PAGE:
双色球近3000期走势图:Radney Foster Explains What Inspired His Bilingual Prayer for Children at the Border

Gary Miller/Getty Images
Radney Foster performs in concert during the Mack, Jack & McConaughey Jack Ingram & Friends benefit concert at ACL Live on April 13, 2018 in Austin, Texas.?

Radney Foster's recent offering, “Godspeed (Dulces Suenos),” serves as a bilingual “prayer” for children separated from their parents at the U.S./Mexico border. Foster says the sentiment for the original song stems from a time period when he was undergoing many of the same emotions as those parents at the border.

“I wrote the song originally when Julian, my oldest boy, was moving overseas with his mom to France at the age of five,” he recalls. “Up until then, I had joint custody of him, and my wife Cindy had been a second mama to him since he was three. So, we were both devastated. That song was born out of knowing that you are not going to see your kid for months at a time. It was a lousy situation. I firsthand know that feeling.” The song appeared in Foster’s 1999 album See What You Want To See, but three years later the song would receive even more attention when The Dixie Chicks heard it – thanks to his wife.

“Natalie had a baby boy, and my relationship with them goes back to when they used to open shows for me in Austin. We sent her a baby gift, and Cindy said ‘You oughta stick ‘Godspeed’ in there.' I had a CD single, and I said ‘This has kept my boys asleep pretty good the past few years. I hope it does the same for yours.’"

Maines heard the song, liked it, and the trio recorded it for their Home disc, which eventually sold over six million copies. Better yet, the label decided to release the emotional song as the fourth single from the set. Unfortunately, the group soon found themselves out of favor with certain radio companies after Maines’ 2003 comments regarding President Bush – and the song only made it to No. 48 on the Hot Country Songs chart. But, Foster asserts the song definitely hit the right notes with listeners.

“Despite all of that, I had been closing shows with it for about twenty years as my last encore. It’s humbling when a guy with his hair cut high and tight – and has his wife and kids with him – standing there in the autograph line after the show and said ‘Mr. Foster, I want to thank you for that song because I sang it to my kids on a satellite phone from a mountain in Afghanistan.’ If that won’t humble you, not much will. So, it’s had that real emotional life. At that time, I was just trying to write a lullaby for my little boy – what you’re trying to do when you put him to bed.”

The song came back to the forefront of Foster’s mind due to the recent headlines regarding immigration. “When this separating parents from their kids at the border, just because you crossed – even if you’re seeking asylum – story came up, I just went ‘Whoa.' Everything I was taught at the dinner table, about my faith, and everything just being a human being tells me that’s wrong. It just ate at me. Cindy said ‘You should translate that into Spanish and sing it.’"

Foster, who grew up a mile-and-a-half from the Mexican border, had other ideas. “I thought ‘No. I should sing it in Spanish and English because I’m bilingual.' I got as far as I could with the Spanish, and I literally called one of my oldest friends – she was my sweetheart my freshman year in high school – Deborah Hernandez-Salinas. She helped me to put it together, and added a little more color to it. You really have to re-write it. You can’t just trans-literate it. It wouldn’t work.”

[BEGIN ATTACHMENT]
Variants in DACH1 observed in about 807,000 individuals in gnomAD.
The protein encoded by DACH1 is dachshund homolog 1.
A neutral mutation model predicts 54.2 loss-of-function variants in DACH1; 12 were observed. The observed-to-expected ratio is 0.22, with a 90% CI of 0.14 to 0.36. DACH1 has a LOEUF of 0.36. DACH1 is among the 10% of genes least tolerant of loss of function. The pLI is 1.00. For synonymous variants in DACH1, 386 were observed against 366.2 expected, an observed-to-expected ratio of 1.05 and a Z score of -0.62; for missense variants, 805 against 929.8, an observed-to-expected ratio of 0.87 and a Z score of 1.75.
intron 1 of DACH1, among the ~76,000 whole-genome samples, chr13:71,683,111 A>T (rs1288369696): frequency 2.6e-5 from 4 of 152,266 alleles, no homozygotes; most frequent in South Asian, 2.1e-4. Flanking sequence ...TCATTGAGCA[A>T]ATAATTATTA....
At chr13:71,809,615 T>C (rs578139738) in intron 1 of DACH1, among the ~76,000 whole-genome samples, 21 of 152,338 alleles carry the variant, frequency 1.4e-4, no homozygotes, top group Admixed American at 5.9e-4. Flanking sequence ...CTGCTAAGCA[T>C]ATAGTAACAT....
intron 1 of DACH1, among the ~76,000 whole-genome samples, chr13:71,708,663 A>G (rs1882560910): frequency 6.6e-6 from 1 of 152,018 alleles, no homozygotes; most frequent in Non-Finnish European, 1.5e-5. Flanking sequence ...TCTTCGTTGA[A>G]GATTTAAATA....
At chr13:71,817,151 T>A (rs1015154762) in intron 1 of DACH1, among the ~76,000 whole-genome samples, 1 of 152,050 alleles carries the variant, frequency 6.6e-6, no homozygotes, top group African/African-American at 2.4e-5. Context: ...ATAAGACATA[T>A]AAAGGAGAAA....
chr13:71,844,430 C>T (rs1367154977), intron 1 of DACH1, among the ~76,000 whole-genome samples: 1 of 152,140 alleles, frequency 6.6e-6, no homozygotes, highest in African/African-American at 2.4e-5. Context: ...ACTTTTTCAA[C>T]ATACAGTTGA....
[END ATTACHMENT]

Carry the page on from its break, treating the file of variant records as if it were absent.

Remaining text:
The singer-songwriter got a chance to re-visit his original composition, yet also be creative in coming up with something altogether different. “I had this chance to talk about someone who is on a journey – what’s it like to travel two thousand miles just because you’re leaving a situation so bad that you would travel that distance on the open road with a child – and what is it like to put that child to sleep – and where would you do that?"

Foster says the issue isn’t – or shouldn’t be – a political one, but a human one. “It begins to speak to the question ‘Who do we want to be as people?' My faith tells me in Matthew 25 – ‘I was a stranger and you took me in. I was in prison and you visited me. I was naked and you clothed me.’ It’s pretty straight-up. I know that nations have to have borders, and a way to control that, and that’s fine. But, I think that we as Americans like to think of ourselves as someone who leads with humanity and kindness, but understanding that we’re all immigrants. If we have to send you home because you don’t qualify, we’re going to do that with dignity.”

Foster says that the reception to the video -- which will benefit RAICES (Refugee and Immigrant Center for Education and Legal Services), which works with refugees and other immigrants -- has been strong. “So far, it’s gone over well. There’s been a few places where people have been a little stunned. I’m sure if I looked at Facebook or Twitter, I could find a troll or two. But, I didn’t preach. Let the song speak for itself, and all of a sudden, maybe someone will go look up the Spanish translation, or maybe seek someone out who might be a new immigrant, and find out what it is – and look at it from that heart point of view, rather than that hardline point of view. The reason I wanted to put it out is that you can try to change someone’s mind with an argument, but that rarely works. If you change somebody’s heart, and someone finds empathy for a human being, that’s a powerful experience. Music is the best way to do that.”

221| 414| 584| 951| 820| 723| 160| 258| 389| 485|